Today marks the start of my most hated season of the year: income tax preparation time. I will spend the day gathering and sorting receipts. If all goes well, I’ll do the hard thinking next week. I say this every year, but I really believe this year will be the worst ever. As of today, I don’t even know if we are filing as legal residents of Maine or New York or both.
The opening step is always my sales tax return for New York State. It isn’t difficult, but there’s a penalty for forgetting it, and I do some years. This year I need to close that account and open a new one for Maine.
“Why don’t you hire an accountant?” someone will inevitably ask. I believe it’s a citizen’s duty to know what and why he’s paying the government. When that gets beyond the understanding of mere mortals something is radically wrong with our system. I’m pretty good with numbers and there are times I am totally at sea.
The major part of the job involves calculating income and expenses. Yes, I could hand my straw basket of receipts, my mileage report, my utility bills and my bank statements to an accountant, but I should be tracking those things anyway.
Periodically, someone will resurrect the idea of a flat tax. That will never happen. Government uses taxation as a goad to various kinds of behavior, home ownership being the most obvious example. Furthermore, the tax code as it stands provides employment to a whole cadre of preparers and attorneys. Washington may have stood cheerfully by while domestic industry collapsed, but it will never permit flattening its fellow lawyers’ work.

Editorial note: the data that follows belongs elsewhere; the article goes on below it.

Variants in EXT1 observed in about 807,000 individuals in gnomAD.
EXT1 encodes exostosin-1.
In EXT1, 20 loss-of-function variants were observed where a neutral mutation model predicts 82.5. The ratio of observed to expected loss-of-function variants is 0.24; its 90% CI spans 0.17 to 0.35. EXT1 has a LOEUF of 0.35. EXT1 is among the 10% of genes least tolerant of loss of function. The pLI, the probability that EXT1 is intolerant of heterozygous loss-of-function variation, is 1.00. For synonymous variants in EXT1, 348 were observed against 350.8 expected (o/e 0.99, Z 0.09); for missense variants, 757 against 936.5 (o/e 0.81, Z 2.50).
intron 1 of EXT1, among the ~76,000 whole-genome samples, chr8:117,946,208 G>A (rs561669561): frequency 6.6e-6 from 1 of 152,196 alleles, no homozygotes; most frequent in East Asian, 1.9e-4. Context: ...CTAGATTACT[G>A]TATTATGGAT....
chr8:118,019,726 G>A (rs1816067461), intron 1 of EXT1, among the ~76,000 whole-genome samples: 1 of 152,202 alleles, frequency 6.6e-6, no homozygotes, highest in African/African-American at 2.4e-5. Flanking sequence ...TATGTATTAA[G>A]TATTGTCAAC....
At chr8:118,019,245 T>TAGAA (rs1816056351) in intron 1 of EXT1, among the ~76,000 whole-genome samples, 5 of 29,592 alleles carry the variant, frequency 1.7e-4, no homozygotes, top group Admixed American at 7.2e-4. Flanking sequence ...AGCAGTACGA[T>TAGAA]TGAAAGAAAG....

“What does this have to do with painting?” you might ask. Absolutely nothing if you maintain amateur status and sell little or no work. But if you make a living painting, business records and taxes are a very real part of your job, and not paying attention is an expensive mistake. It is just part of the hidden work artists do that also includes marketing, inventory control, and maintenance. Occasionally it even leaves time for painting.